The Way

Released: 2011
Director: Emilio Estevez

Starring: Martin Sheen

A moving story of family, loss and self-discovery


Charlie Sheen gets all of the media attention these days but I’ve always found Emilio Estevez to be the more interesting of the two brothers with the more fascinating and esoteric career.  From founding the Brat Pack to coaching The Mighty Ducks and his current focus on directing and writing, Estevez is constantly moving in directions that appeal to a variety of different audiences.  You can certainly never accuse him of allowing himself to be stereotyped or pigeon-holed.

Estevez’s latest film The Way is the story of a sixty-something doctor, Tom Avery, whose comfortable small-town life is torn apart when his only son Daniel dies in an accident in the French Pyrenees.  Tom uncharacteristically decides to complete Daniel’s last journey – the Camino de Santiago, a Christian pilgrimage across Spain to the burial place of St James.  Starting his journey alone, Tom encounters, is frustrated by and eventually befriends a number of fellow pilgrims, in particular Canadian Sarah, Irishman Jack and Dutchman Joost.  Each of Tom’s fellow travellers has their own reason for taking part in the pilgrimage, they are all damaged in one way or another and looking for meaning in their life.

The cast is small but perfectly formed.  Martin Sheen is exceptional as the frustrated, grieving father trying to understand his son in death when he couldn’t in life.  Sometimes it’s hard to see Sheen as any character other than President Bartlet these days.  The three main supporting actors are great, each bringing something different and special to the narrative.  Deborah Kara Unger is tough but fragile as Sarah, James Nesbitt is suitably manic and annoying as Jack but my favourite co-star is Yorick van Wageningen as Joost, the stereotypical party-loving Dutchman whose bonhomie disguises sadness at his own life.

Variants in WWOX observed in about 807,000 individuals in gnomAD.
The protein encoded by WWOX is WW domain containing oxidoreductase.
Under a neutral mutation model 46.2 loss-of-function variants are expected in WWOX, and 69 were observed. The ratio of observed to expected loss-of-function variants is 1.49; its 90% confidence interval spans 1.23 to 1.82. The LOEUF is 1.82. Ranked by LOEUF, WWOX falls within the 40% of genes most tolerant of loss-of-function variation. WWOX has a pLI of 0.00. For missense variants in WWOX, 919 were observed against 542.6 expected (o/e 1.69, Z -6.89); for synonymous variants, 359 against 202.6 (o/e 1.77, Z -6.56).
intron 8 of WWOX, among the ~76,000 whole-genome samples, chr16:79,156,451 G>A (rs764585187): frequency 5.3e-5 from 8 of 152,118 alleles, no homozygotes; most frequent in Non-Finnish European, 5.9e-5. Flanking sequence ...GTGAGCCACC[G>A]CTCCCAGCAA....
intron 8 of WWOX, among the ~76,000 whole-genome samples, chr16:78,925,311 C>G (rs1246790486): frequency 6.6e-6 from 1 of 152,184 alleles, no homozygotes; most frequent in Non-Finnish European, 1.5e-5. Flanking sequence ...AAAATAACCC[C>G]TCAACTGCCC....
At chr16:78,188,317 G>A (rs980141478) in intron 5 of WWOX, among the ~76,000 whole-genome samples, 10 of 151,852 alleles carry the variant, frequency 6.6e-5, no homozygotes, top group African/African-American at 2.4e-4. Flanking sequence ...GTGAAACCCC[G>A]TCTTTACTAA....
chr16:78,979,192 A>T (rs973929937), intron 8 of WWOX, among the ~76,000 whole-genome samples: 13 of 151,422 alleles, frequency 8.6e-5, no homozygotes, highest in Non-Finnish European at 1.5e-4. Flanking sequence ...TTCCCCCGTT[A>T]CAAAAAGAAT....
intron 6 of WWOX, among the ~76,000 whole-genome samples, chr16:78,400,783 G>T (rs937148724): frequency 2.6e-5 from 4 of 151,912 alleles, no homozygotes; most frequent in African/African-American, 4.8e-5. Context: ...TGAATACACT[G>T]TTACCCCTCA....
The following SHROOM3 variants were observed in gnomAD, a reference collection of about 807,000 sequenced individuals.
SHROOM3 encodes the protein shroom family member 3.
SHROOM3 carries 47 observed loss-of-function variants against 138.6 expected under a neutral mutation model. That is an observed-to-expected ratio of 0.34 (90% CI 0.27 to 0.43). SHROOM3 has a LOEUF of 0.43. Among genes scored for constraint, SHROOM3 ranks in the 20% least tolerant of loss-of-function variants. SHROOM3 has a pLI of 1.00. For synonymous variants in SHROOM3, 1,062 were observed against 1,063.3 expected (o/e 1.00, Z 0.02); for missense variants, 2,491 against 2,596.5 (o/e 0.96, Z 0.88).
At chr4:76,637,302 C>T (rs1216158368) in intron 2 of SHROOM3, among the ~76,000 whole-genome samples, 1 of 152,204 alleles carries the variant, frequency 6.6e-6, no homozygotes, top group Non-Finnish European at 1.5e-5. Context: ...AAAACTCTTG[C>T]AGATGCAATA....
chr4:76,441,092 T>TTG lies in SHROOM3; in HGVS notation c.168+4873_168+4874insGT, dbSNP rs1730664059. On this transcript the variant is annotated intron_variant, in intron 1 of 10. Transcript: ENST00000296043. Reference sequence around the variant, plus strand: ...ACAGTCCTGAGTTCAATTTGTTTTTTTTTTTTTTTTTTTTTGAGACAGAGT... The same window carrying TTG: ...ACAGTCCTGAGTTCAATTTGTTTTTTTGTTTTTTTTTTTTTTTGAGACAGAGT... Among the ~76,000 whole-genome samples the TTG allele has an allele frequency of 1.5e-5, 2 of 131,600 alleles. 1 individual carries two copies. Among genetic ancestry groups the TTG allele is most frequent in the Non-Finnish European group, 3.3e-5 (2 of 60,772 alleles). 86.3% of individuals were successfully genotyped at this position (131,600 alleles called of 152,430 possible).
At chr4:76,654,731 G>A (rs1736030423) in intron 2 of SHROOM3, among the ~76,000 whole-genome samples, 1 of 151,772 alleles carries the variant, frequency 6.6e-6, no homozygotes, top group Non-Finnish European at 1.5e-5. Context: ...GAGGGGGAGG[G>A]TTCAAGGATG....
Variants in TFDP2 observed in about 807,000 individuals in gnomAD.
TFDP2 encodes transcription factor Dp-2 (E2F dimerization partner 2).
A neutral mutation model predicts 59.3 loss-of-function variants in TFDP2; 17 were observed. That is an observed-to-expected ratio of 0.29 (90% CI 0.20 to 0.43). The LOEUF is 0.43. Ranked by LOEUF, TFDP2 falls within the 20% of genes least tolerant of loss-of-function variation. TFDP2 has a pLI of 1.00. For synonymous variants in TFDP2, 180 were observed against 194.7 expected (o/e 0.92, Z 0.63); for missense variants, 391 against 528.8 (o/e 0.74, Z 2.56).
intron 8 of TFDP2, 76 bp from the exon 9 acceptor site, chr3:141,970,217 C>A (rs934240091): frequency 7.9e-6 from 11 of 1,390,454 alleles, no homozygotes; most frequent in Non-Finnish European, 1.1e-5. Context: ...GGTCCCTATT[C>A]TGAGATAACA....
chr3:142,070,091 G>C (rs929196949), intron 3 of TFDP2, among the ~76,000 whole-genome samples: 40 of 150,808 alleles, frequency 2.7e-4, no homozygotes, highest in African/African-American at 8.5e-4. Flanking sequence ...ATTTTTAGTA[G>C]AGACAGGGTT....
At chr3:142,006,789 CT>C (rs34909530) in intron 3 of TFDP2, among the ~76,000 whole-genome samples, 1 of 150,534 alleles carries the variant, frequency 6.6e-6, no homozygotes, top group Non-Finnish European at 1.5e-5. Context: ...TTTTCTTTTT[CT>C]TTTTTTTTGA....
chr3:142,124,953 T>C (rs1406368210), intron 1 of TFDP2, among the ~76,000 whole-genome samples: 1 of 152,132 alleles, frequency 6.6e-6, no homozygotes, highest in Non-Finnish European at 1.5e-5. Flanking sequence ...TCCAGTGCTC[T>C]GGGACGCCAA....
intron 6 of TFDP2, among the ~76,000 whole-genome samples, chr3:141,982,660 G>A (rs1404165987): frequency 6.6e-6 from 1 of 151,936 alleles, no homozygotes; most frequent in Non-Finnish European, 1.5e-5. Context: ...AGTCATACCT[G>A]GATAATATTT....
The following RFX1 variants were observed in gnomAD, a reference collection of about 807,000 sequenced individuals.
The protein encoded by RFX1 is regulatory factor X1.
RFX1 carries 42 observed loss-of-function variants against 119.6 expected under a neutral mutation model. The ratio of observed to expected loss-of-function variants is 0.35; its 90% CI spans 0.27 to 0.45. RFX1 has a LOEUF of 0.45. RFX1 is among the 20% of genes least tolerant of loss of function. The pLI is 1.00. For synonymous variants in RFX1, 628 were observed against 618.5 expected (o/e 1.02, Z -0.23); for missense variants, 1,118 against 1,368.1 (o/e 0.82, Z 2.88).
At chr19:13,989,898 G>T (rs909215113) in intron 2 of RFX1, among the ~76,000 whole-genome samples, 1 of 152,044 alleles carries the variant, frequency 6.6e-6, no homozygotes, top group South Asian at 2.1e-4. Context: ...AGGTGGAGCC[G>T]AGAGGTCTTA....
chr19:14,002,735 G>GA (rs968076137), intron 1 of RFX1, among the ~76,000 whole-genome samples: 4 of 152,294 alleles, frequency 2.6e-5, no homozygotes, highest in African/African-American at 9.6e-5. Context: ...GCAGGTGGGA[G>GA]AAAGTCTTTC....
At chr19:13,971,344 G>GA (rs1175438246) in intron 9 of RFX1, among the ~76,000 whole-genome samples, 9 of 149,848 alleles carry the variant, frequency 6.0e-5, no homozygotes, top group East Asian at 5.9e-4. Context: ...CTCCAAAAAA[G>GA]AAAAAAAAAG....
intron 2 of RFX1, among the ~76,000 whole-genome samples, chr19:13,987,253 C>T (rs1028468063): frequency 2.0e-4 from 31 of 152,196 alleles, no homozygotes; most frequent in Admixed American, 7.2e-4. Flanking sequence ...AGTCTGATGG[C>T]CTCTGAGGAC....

This is a family film (as opposed to a film for the family).  It was inspired by Martin Sheen’s dream of walking the Camino de Santiago and is a tribute to the family’s Spanish heritage.  The executive producers are Estevez’s parents Janet Templeton and Ramon Estevez (Sheen’s real name).  Renee, youngest of the Estevez siblings, has a small role and it was good to see her up close, having spent seven years in soft focus as Nancy in The West Wing (presumably to stop anyone asking why Bartlet’s daughter was working as a secretary in the White House).  I think the only family member not involved is Charlie, who was presumably too busy doing whatever it is that Charlie Sheen does.

This film has been made with real love and respect for the travellers and their acts of faith.  The use of real pilgrims as extras and the location shoot with limited equipment makes the audience feel as though they are taking part in the trek with Tom and his companions.

There are a couple of moments where I found myself drifting off and feeling a little weary (as would be expected in a 800km) journey, but not often and Sheen’s subtle performance always drew my attention back to the film.

A touching and enjoyable film about faith, love and living life to the full I suspect that The Way will find its natural home once released on DVD and Blu-Ray rather than in the cinema, but if it makes it to a multiplex near you I suggest you take the opportunity to see it on the big screen.

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  1. The more I read about this film the more I want to see it. It sounds delightful and heart wrenching at the same time!!

    And I do love the Estevez family!!

    • Delightful is actually a really good word to use about it. It’s maybe 10 or 15 minutes too long but it’s a really nice film and Martin Sheen is just wonderful.

  2. Hey, First of all great blog. I’ve added it to my daily reading list. I like how you review books and movies, two of my fav. forms of art.

    I’d seen the trailer of the movie and found it interesting. Now, i’ll make sure I watch it whenever I get a chance.

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